The Court of Appeal held that admissions concerning rent arrears which were made by the tenant, a litigant in person, to the landlord’s solicitor (during discussions at the landlord’s solicitors’ office) were protected by “without prejudice” privilege and were inadmissible at trial.
A landlord (D) of restaurant premises forfeited its tenants’ lease. The tenants, C1 and C2, issued proceedings as litigants in person, claiming damages for wrongful forfeiture. C1 attended the office of D’s solicitor (S) and proceeded to discuss how the case was progressing. S claimed that C1 admitted during that meeting that she and C2 had been in rent arrears, and that she had discussed with C2 the possibility of D letting her out of the claim without liability for costs if C1 made a statement in support of that admission. A second meeting took place some weeks later, during which S claimed that C1 had reiterated her admission and her intention to get out of the litigation.
D made an application seeking to rely on C1’s statement containing the admission. Cs opposed the application on the basis they did not agree to the reliance.
At first instance, the judge held that C1 had made the admission, despite her later denial of it, and admitted the statement on the basis that the meetings had not been conducted on a “without prejudice” basis. Cs’ claim was dismissed.
The issues were:
- whether the discussions during the meetings were without prejudice given D’s contention their purpose was not to negotiate a settlement,
- whether privilege should be denied because Cs were using the cloak of “without prejudice” for perjury, and
whether any privilege had been waived by the Cs’ response to the D’s application notice.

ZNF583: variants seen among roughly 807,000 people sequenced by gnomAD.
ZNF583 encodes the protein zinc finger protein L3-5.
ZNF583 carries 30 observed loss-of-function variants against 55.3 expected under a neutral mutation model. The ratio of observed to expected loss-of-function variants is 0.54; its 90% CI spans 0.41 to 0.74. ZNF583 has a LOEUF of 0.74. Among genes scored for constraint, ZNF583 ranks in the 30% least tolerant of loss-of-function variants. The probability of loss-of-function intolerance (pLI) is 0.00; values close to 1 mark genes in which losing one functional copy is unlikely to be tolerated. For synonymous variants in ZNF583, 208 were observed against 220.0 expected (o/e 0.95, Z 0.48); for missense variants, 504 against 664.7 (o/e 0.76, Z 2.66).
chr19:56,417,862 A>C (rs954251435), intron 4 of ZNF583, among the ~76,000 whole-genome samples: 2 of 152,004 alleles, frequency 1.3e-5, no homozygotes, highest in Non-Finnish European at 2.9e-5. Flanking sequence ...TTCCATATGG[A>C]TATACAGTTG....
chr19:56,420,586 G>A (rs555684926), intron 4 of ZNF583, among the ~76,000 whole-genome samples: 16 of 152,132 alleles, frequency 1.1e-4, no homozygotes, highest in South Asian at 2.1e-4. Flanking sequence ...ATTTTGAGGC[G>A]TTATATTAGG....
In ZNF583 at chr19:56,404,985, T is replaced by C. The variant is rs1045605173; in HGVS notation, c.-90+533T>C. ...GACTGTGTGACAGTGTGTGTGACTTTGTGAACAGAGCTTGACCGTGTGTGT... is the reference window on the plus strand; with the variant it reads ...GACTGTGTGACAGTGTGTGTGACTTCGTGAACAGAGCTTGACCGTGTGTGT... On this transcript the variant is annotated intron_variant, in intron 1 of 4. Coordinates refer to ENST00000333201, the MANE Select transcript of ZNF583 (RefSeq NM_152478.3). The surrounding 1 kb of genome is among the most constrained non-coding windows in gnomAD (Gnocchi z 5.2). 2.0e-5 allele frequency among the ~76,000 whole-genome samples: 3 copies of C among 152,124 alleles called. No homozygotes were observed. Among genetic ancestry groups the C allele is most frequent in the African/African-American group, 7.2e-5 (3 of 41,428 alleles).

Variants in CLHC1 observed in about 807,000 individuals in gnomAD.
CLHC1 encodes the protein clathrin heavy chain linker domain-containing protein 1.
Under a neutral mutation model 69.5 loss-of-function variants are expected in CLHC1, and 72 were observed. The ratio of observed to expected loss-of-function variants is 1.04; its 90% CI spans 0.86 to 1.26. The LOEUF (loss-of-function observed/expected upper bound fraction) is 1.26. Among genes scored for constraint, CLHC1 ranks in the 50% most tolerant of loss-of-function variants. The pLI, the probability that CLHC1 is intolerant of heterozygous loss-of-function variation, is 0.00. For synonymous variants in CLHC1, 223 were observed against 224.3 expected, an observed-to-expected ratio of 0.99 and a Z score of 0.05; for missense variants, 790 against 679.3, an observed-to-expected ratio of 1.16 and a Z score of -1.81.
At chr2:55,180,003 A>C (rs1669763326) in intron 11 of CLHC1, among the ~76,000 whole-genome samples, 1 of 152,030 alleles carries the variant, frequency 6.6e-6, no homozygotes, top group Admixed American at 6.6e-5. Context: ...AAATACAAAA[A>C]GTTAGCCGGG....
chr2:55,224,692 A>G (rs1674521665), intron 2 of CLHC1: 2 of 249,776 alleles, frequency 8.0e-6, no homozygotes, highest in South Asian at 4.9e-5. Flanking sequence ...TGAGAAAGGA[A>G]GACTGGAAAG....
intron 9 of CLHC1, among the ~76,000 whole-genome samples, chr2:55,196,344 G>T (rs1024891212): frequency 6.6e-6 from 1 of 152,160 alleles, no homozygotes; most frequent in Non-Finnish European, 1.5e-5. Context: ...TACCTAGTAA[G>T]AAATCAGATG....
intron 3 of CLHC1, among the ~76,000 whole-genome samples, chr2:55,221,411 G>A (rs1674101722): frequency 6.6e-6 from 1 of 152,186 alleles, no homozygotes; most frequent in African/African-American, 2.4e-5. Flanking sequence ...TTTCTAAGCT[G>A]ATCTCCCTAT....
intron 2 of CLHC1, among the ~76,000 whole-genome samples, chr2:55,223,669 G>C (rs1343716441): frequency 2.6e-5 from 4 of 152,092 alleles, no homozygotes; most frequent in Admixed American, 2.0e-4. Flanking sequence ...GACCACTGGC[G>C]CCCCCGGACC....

Decision on appeal
The appeal was allowed, because:
- The Judge had taken a narrow view of whether the discussions were to be regarded as negotiations genuinely aimed a settlement; a broader view was required (see Rush & Tompkins Ltd v Greater London Council  AC 1280 and Ofulue v Bossert  UKHL 16,  1 AC 990). Where litigants in persons are concerned, whilst it may be more difficult to determine objectively whether discussions are negotiations genuinely aimed at settlement, in the instant case the only sensible purpose for the meetings must have been to seek a solution to the litigation for C1 – that falls within the meaning of “settlement”. Further, in the instant case, there was no justification for dividing the discussions into parts that were open and parts that were without prejudice, since such an approach is not consistent with the broad view required by the authorities. Thus the entirety of the discussions at the meetings and in C1’s witness statement attracted the protection of privilege and were prima facie inadmissible.
- There was no evidence to establish C1 had used the cloak of “without prejudice” discussions for what the judge found to be lies contained in her statement. Whether or not the judge was justified in saying C1 had lied in denying her earlier admissions, the fact that she had later denied those admissions could not be construed as an attempt to use the exclusion of evidence as a cloak for perjury or other impropriety (see, Unilever Plc v Proctor & Gamble Co  1 WLR 2436).
- The question of whether privilege had been waived required an objective evaluation of the Cs’ conduct in the context of the purpose of the “without prejudice” privilege, in order to determine whether it would be unjust for Cs to argue the admissions were privileged. As D had indicated it intended to bring the admission to the Court’s attention and to thereby ignore the privilege, it would be unjust to hold Cs’ unguarded response amount to a waiver of the privilege itself. Therefore, the Cs were entitled to argue the admissions were privileged and they had not waived such privilege.
The first instance decision could not stand as reliance had been placed on the admissions in deciding whether rent payments had been made.